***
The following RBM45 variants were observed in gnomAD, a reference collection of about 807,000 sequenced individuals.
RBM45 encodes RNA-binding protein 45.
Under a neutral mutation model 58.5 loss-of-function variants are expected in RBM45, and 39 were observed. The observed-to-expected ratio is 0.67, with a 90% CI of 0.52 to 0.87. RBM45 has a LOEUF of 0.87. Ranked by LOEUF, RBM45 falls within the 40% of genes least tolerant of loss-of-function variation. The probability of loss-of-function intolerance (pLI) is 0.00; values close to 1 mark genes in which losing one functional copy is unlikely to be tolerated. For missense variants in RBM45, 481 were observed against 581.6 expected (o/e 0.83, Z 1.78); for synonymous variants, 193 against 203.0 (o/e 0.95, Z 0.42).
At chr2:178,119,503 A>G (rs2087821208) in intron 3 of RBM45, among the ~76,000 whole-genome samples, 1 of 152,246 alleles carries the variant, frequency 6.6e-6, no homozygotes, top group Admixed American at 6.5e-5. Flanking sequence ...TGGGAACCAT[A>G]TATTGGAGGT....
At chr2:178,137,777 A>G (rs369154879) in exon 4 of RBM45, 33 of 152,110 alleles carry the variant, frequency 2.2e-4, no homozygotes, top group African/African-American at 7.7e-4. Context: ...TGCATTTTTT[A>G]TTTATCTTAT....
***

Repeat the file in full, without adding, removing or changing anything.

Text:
The following RBM45 variants were observed in gnomAD, a reference collection of about 807,000 sequenced individuals.
RBM45 encodes RNA-binding protein 45.
Under a neutral mutation model 58.5 loss-of-function variants are expected in RBM45, and 39 were observed. The observed-to-expected ratio is 0.67, with a 90% CI of 0.52 to 0.87. RBM45 has a LOEUF of 0.87. Ranked by LOEUF, RBM45 falls within the 40% of genes least tolerant of loss-of-function variation. The probability of loss-of-function intolerance (pLI) is 0.00; values close to 1 mark genes in which losing one functional copy is unlikely to be tolerated. For missense variants in RBM45, 481 were observed against 581.6 expected (o/e 0.83, Z 1.78); for synonymous variants, 193 against 203.0 (o/e 0.95, Z 0.42).
At chr2:178,119,503 A>G (rs2087821208) in intron 3 of RBM45, among the ~76,000 whole-genome samples, 1 of 152,246 alleles carries the variant, frequency 6.6e-6, no homozygotes, top group Admixed American at 6.5e-5. Flanking sequence ...TGGGAACCAT[A>G]TATTGGAGGT....
At chr2:178,137,777 A>G (rs369154879) in exon 4 of RBM45, 33 of 152,110 alleles carry the variant, frequency 2.2e-4, no homozygotes, top group African/African-American at 7.7e-4. Context: ...TGCATTTTTT[A>G]TTTATCTTAT....